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Home values here have been slower to recover from the Great Recession than virtually anywhere else in the nation. A home often is a family’s biggest investment and best opportunity to transfer wealth to the next generation.

“It’s a spiral,” Kaegi said.

Taxes have become so repressive throughout the region that owners of many commercial properties do not pay real estate taxes that they owe. Tax collection rates in Harvey and other communities are below 60%, officials have said.

Since real estate taxes are the primary source of funding for public schools and other local services, the lack of revenue affects the quality of education, public safety, recreation and other quality-of-life concerns.

“We know these problems. We need to focus on solutions,” Kaegi said. “There are some things we can do with the assessment system to fix that. The assessment system is not a cure-all.”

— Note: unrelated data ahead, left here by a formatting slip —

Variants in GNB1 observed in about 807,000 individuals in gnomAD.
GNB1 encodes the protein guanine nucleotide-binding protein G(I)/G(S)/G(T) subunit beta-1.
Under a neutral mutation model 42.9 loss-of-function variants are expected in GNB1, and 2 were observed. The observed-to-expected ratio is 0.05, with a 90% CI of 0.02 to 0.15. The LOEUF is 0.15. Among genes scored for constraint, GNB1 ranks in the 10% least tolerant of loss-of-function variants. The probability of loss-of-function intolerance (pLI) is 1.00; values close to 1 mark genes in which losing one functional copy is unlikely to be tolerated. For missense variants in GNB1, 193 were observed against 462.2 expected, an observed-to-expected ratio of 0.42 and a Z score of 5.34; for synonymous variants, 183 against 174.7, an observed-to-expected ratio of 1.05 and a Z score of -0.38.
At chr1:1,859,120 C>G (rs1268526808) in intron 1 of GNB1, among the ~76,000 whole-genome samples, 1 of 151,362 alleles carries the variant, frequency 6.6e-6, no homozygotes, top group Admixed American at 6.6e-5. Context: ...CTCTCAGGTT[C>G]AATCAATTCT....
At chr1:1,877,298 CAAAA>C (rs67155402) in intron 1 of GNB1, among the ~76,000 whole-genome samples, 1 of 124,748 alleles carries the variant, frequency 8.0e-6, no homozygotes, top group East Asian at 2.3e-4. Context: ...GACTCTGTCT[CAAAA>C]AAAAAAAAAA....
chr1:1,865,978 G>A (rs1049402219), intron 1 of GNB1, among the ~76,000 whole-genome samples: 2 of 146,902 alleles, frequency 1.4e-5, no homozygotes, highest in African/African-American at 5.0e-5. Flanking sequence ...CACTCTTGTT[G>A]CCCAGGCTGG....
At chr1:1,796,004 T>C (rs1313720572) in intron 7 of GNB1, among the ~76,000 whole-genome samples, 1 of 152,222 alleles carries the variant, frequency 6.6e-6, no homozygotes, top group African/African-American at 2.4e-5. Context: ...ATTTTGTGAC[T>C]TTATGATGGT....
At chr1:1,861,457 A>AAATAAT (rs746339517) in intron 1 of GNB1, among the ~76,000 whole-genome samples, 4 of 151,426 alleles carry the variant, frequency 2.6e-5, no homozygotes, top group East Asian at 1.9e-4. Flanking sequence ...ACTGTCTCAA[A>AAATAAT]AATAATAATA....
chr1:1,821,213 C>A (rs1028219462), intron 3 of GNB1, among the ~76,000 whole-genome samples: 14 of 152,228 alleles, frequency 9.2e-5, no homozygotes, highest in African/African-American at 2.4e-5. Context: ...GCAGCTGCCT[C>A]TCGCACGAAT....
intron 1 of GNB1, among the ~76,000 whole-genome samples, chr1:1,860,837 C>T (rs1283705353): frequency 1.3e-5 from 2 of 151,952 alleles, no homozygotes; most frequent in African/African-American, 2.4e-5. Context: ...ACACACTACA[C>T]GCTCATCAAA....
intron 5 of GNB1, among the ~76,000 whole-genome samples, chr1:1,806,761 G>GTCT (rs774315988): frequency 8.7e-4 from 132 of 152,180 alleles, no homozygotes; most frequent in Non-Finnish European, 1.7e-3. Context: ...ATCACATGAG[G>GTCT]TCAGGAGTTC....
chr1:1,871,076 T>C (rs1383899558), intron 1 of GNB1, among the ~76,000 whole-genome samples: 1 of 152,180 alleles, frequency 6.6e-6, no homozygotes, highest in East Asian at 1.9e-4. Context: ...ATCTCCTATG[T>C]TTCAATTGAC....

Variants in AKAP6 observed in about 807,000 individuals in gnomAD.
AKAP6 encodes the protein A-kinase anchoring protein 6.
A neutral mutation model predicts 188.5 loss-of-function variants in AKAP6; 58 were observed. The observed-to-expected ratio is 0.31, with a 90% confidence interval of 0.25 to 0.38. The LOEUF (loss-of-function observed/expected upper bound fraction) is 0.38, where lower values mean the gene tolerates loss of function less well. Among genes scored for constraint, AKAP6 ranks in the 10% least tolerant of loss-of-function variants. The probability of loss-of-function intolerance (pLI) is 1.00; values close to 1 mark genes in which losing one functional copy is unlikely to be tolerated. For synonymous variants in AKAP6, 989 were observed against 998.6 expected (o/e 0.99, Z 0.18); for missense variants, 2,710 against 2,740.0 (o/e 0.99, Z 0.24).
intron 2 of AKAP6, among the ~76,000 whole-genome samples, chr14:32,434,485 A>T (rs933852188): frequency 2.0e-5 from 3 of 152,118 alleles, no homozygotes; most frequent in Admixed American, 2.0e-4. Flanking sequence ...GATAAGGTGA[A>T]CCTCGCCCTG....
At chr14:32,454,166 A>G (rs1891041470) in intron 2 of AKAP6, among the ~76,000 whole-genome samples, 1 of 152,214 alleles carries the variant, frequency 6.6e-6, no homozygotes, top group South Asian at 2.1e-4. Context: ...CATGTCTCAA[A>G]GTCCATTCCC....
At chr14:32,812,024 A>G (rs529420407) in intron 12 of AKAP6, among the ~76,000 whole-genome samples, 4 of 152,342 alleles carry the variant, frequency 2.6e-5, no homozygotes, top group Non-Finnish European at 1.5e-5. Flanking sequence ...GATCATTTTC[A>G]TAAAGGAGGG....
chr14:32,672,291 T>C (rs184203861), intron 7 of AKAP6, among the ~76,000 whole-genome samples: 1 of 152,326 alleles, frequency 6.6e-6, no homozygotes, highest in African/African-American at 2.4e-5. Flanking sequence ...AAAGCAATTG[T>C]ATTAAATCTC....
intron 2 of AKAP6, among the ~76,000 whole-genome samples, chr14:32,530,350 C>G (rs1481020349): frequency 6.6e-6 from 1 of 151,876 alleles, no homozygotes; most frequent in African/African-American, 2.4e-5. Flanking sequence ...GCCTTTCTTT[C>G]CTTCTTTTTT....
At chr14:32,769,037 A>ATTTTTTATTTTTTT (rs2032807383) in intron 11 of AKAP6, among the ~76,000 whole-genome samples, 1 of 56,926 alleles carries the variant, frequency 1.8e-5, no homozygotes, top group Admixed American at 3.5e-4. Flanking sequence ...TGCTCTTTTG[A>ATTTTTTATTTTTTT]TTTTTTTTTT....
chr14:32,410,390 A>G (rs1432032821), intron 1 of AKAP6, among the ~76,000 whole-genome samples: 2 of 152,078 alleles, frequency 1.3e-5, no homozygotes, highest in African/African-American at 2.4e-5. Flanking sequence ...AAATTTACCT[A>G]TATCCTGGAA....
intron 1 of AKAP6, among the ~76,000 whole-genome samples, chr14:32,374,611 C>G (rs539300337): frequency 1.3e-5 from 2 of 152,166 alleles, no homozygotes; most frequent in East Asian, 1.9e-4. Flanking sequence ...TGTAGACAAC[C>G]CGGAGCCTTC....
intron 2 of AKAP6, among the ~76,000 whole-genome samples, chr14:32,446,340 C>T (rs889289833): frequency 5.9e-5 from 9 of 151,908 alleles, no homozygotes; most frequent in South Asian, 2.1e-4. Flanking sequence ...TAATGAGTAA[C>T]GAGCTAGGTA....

Kaegi said he is doing what he can to make assessments more fair and address that part of the equation. His office has pushed for legislation, which his office has called the Data Modernization Bill, that would require collection of information about monthly property rents and other data.

“A big part of why we see the disparities identified in this report is that data gaps create a lot of these disparities,” he said. “Third-party data doesn’t do a good job representing what is happening in smaller suburbs or communities that are not economically thriving because economic databases tend to cover the areas that are thriving.”

The COVID-19 pandemic’s impact on businesses has complicated efforts to correct imbalances among commercial and residential assessments, he added. Also, the state’s overreliance on property taxes to fund education has amplified the system’s negative effects in the south suburbs.

In March, the Chicago Tribune published an opinion piece in which Kaegi wrote that even a modest increase in federal funding for education could help reverse the crippling, spiraling effects of high property taxes in the south suburbs.

Title I funding for K-12 education is about $15 billion annually, he said.

"It hasn’t gone up in the past decade,” Kaegi said. “It would make a real difference in the south suburbs.”

Ted Slowik is a columnist for the Daily Southtown.